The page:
January 1st is a day like any other, the sun rises and sets, but we make it into something more. We make it into a day to pause and reflect and plan ahead and resolve to be better humans. We greet it as a freshly washed sheet, a brand new haircut, a blank page to color as we choose. We give it a name.
New Year’s Day.
As we turn over a new leaf, outside the window, the Fig tree releases its last. There is nothing, yet, to replace it. No tight bud springing forth. Just bare branches, perches for the crows, highways for the squirrels.
The animals know. They’ve prepared for the long dark days, hiding their acorns, keeping watch for dead things to peck at. It’s instinct and hunger that drives them. If you and I were hungry, we’d pad to the refrigerator in our socks, and gaze at the selection within: the cold cuts and wilted celery and milk, the leftover chicken and cold beer, the rice and beans. Our way of filling our stomachs is to sit behind a desk typing into a computer for eight hours, then stopping at Safeway to forage.
Animals live by instinct. They do what’s necessary. They don’t have leisure time in the wild. They don’t punch a clock. They hunt, they mate, they sleep, they attack, they sing their songs.
New Year’s Day isn’t for the birds. It’s for humans, who can’t afford to live by instinct. We plan our days to the last minute.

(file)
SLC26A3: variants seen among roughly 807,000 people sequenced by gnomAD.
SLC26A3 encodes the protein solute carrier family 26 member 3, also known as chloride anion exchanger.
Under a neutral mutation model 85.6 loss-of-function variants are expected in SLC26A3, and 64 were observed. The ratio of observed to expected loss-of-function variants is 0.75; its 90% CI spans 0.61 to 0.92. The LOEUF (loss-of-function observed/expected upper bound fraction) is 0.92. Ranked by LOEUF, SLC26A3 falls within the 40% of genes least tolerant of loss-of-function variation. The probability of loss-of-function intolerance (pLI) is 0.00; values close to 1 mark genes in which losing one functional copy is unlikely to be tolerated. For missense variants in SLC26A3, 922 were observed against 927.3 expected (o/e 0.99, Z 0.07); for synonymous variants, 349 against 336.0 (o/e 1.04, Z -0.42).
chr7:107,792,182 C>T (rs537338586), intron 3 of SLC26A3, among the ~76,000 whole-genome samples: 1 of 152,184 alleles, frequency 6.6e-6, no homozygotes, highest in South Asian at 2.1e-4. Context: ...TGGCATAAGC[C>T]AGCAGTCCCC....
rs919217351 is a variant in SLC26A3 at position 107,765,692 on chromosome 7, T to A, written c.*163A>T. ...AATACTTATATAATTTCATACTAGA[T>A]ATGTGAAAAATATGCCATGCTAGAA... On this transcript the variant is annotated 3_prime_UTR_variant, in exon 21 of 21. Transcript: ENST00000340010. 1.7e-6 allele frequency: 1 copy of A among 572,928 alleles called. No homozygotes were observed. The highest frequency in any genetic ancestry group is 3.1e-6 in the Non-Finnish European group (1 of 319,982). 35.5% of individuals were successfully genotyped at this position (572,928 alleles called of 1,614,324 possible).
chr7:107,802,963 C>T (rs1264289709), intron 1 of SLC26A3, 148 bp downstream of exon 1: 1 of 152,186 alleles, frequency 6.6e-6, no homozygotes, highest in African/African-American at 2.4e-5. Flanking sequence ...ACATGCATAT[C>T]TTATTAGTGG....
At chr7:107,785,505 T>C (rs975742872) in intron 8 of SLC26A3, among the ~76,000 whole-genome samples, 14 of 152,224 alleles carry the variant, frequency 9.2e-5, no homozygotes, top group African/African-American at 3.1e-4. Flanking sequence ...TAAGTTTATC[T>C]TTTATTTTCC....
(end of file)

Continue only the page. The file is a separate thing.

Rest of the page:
But even for humans, instinct kicks in. The resolutions fall away like the last leaf on the Fig tree. No longer do we drag ourselves awake at five a.m. to run on the treadmill. No longer do we put in thirty minutes at the keyboard. No longer do we divide our food into smaller portions, what’s healthy and what’s not. Instinct tells us to sleep when we’re tired, eat what we desire, mate with the blank page when the sap rises.
But we can’t even allow ourselves to do that.
Humankind lost the rhythm of animals when we hacked away nature to build skyscrapers, divided the days into minutes, and formed the capacity to dream. Our goals drive us now. Instinct is a cousin we rarely visit, who complains loudly.
There’s a balance to this tightrope of life. Work and play. Sleep and activity. Eating and digesting. Bonding and being alone. In these ways, we are no different than animals.
People elevate living to an art when we allow creativity to propel us. As Buddhist monk Thich Nhat Hanh said, (and I’ve expanded upon): Every empty page, every blank canvas, every new day holds the universe within.
It’s up to us to form it, shape it, bring it into focus, so all can see. But to do so, we need to let go.
What clock will you follow this day, and the next, and the next? Will it be the one that humans invented, that doesn’t exist outside our heads? Or the rhythm of your infinite soul? Will you fill your moments with what your brain insists you do, or what your heart longs to experience? Can you sit here, now, and let your creative self worm its way upward, a bud to the sun, blossoming into something the bees can drink from?
On this day of resolving, try to allow for pockets where time doesn’t exist—not planning these pockets—just pausing periodically to listen, to feel, to catch that spill of sunlight, to let instinct and inspiration be your guides.
Keep on creating. We need your truths, more than ever in the coming year.
-Alisa Clancy, Host of KCSM’s Morning Cup of Jazz